Health centers bring a unique and important perspective to the national conversation on health care. We are proud that we can work with lawmakers on both sides of the aisle to strengthen and improve the availability of quality primary care and preventive services to everyone who needs it. Good health begins with an investment in primary care; indeed, advanced nations with generous health care treat health care funding as an investment in health, well-being and illness prevention, rather than a black hole of costs for sick people. Access to, and funding for, community health centers is a prescription for the good health of our nation — and for our neighbors here in the Berkshires.
There is little doubt that these health centers contribute to cost savings for the American taxpayer. In fact, health centers like ours save, on average, $2,371 (or 24 percent) in total spending per Medicaid patient when compared to other providers, according to a 2016 study published in the American Journal of Public Health.
Throughout the decades, and through bipartisan administrations, Congress has consistently seen the value in growing the federal investment in the health center system of care. But right now, a crisis looms with the scheduled expiration, at the end of September, of a critical fund that supports the budgets of every health center in the U.S. Congress must act swiftly to extend this funding. Why? Because at time when efforts to reform the health care system are moving forward, with potential risks to our most vulnerable citizens, this is no time to turn our backs on health centers who care for each and every patient. Public investment is critical — now more than ever.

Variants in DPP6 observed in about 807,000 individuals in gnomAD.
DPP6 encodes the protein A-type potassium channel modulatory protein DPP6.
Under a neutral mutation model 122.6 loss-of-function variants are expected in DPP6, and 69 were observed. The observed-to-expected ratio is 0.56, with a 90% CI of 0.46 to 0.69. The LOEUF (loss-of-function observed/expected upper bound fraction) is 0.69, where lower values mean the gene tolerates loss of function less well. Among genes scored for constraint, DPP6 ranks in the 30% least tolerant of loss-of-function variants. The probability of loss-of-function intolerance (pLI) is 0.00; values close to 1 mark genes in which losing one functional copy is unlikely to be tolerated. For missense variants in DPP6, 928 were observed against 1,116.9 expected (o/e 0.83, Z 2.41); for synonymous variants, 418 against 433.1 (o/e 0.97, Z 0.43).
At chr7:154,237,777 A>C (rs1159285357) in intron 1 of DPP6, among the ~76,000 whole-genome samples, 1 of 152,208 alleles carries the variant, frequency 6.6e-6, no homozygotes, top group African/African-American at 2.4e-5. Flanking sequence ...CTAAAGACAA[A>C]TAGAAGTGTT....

In the Berkshires, Community Health Programs continues to serve uninsured and low-income patients, but as word gets out about our quality of care — and as private medical practices move under our administrative umbrella #8211; our client and payer mix is diversifying dramatically. Nearly 25 percent of our patients are covered by private commercial insurance; 33 percent are covered by Medicare, 36 percent Mass Health recipients. Six percent are self-pay, with a small percentage covered by veterans#8217; benefits.
Key funding deadline